Deal advisory boutique is going public via a Spac merger during an M&A revival

Revenues at the boutique investment bank Perella Weinberg Partners declined around 9 per cent in 2020, widening the gap behind larger and faster-growing rivals, according to regulatory filings for its forthcoming stock market listing.

The glimpse at its financial performance came as the New York-based company confirmed plans to go public via a merger with a blank-cheque company created by banking tycoon Betsy Cohen.

The transaction values PWP at just under $1bn and was pitched by the company as an opportunity to clean up its corporate structure and grow its deal advisory business, as it seeks to keep pace with listed rivals such as PJT Partners, Moelis & Co and Evercore.

PWP is forecast to have generated about $485m in revenues this year, compared to $533m in 2019, filings show. The decline compares to a projected 2 per cent increase in revenues at Moelis and 37 per cent growth at PJT.

PWP, founded in 2006 by legendary Wall Street dealmaker Joe Perella and former Goldman Sachs executive Peter Weinberg, remains smaller than peers.

With the exception of a blockbuster year in 2018 — when PWP cashed in a huge fee for advising AT&T on its $85bn takeover of Time Warner — the firm has generated annual deal fees of $400m to $500m, according to the figures shared by the company.

PWP’s average revenue per partner has been around $10m, a figure it expects to maintain even as new bankers are added in coming years. The group has about 54 partners and 560 employees overall, across 10 offices in five countries. However, by 2023, it forecasts annual revenue exceeding $700m, driven by the resurgent deals market.

Companies struck $3.6tn worth of deals in 2020, down 5 per cent on last year, according to data from Refinitiv, but with a strong rebound in the final months of the year. Bankers say they expect activity to continue apace as the world emerges from the pandemic.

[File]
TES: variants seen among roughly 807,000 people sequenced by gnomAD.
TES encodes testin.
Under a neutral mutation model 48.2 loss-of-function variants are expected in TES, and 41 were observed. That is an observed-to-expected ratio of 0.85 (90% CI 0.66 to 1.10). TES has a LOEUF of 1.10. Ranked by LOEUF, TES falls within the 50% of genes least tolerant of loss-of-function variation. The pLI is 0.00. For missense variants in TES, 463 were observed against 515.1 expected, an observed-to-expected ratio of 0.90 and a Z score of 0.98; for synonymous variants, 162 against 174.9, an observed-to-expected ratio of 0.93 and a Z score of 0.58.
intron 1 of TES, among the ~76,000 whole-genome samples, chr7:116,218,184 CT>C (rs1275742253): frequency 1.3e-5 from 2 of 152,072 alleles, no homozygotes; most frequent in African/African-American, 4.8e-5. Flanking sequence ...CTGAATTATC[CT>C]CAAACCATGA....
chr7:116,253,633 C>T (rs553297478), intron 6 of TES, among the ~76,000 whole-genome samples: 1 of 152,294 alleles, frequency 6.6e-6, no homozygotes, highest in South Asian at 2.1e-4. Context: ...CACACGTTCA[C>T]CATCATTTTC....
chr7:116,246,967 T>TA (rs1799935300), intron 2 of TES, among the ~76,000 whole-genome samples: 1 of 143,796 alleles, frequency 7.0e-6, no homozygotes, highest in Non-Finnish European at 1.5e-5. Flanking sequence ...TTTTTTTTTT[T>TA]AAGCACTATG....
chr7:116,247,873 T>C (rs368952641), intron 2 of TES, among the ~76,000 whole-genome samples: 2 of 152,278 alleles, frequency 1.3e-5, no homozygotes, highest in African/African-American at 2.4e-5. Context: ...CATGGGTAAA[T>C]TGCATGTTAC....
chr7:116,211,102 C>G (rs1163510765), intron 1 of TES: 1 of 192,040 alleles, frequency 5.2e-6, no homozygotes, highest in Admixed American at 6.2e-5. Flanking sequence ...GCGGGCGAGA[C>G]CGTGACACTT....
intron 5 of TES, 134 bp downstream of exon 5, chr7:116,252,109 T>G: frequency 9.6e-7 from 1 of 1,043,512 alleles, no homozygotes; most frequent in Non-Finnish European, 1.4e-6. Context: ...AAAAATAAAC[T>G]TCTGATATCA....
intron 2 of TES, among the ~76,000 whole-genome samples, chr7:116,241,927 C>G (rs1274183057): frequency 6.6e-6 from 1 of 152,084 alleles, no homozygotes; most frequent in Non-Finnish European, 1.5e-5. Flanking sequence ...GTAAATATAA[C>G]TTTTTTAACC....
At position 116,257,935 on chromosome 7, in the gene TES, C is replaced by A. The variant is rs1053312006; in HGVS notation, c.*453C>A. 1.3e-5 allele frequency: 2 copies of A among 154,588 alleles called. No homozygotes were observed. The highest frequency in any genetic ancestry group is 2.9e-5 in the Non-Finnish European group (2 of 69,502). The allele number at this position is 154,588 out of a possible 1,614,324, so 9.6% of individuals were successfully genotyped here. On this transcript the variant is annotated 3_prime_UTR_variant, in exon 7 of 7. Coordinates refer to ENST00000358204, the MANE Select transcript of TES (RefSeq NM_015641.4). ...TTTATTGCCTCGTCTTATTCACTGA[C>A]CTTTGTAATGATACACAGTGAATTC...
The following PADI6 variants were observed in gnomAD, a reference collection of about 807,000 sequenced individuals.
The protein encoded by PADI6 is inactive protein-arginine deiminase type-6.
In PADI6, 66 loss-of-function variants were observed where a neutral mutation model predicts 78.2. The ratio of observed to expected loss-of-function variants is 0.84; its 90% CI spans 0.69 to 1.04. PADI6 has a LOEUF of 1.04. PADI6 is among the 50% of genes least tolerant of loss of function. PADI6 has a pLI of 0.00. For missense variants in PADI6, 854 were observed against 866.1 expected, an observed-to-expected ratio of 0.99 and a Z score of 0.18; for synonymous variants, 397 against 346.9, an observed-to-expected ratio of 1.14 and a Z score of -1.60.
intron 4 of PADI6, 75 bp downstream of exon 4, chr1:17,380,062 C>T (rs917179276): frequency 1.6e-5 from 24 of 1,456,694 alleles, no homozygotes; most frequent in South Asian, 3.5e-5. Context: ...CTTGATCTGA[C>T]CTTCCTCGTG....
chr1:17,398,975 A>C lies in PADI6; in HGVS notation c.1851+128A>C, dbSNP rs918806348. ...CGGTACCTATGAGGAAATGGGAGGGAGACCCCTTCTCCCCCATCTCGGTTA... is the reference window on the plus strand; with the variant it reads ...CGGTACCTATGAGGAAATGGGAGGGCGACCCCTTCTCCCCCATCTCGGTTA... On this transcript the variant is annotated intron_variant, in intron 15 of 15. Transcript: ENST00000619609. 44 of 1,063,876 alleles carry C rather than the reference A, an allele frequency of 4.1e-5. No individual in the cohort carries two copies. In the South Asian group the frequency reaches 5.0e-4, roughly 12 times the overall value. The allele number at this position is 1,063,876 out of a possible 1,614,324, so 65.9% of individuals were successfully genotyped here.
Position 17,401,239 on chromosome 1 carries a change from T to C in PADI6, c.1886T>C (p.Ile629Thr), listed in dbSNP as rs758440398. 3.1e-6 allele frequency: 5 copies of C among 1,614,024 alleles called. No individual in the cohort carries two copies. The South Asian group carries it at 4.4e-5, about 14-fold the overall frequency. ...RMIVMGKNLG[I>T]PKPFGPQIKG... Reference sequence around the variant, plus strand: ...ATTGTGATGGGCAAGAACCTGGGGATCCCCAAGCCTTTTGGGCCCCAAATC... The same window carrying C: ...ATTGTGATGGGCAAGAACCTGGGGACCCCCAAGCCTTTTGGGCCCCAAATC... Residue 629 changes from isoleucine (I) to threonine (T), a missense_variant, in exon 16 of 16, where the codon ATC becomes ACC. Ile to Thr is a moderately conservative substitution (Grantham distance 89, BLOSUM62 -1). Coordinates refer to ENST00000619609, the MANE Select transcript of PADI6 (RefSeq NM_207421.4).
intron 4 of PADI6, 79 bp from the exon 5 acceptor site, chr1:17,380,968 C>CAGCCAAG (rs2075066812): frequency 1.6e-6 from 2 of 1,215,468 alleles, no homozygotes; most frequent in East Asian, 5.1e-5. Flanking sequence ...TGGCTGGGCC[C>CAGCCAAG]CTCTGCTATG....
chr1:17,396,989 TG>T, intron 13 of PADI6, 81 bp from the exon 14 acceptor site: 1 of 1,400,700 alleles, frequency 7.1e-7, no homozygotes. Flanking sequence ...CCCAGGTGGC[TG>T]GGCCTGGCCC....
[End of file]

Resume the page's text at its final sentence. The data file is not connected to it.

“As a publicly listed company, we will continue to invest in growing our advisory footprint and capabilities, to expand our client network and broaden our advisory service offerings,” said Mr Weinberg, PWP’s chief executive.

As part of the deal with Ms Cohen’s special purpose acquisition company (Spac), FinTech Acquisition Corporation IV, which raised $230m in its September initial public offering on the Nasdaq, PWP will also receive $125m in new money from strategic and institutional investors. These include Fidelity, Wellington Management and Korea Investment & Securities.

PWP will use part of the cash raised to pay down its existing debt, most of which comes from its 2016 acquisition of Tudor, Pickering, Holt & Co, a Texas energy-focused investment bank. Separately, it will use up to $110m to repay the original backers of PWP and some of its retired partners.

Ms Cohen, known as one of the earliest female entrepreneurs in the commercial banking industry, founded her first lender, Jefferson Bank, in 1974 and later went on to set up businesses in Hong Kong and Brazil.

The deal with PWP is her fourth Spac merger in recent years: the first three vehicles sponsored by Ms Cohen merged with CardConnect, Intermex Wire Transfer and Paya, each a payments company.

“Over the past 15 years PWP has built a differentiated global brand in the independent advisory space,” said Ms Cohen. “We believe PWP is well positioned to capitalise on this opportunity and has the expertise, the culture, the strategy, the brand.”

Source: Financial Times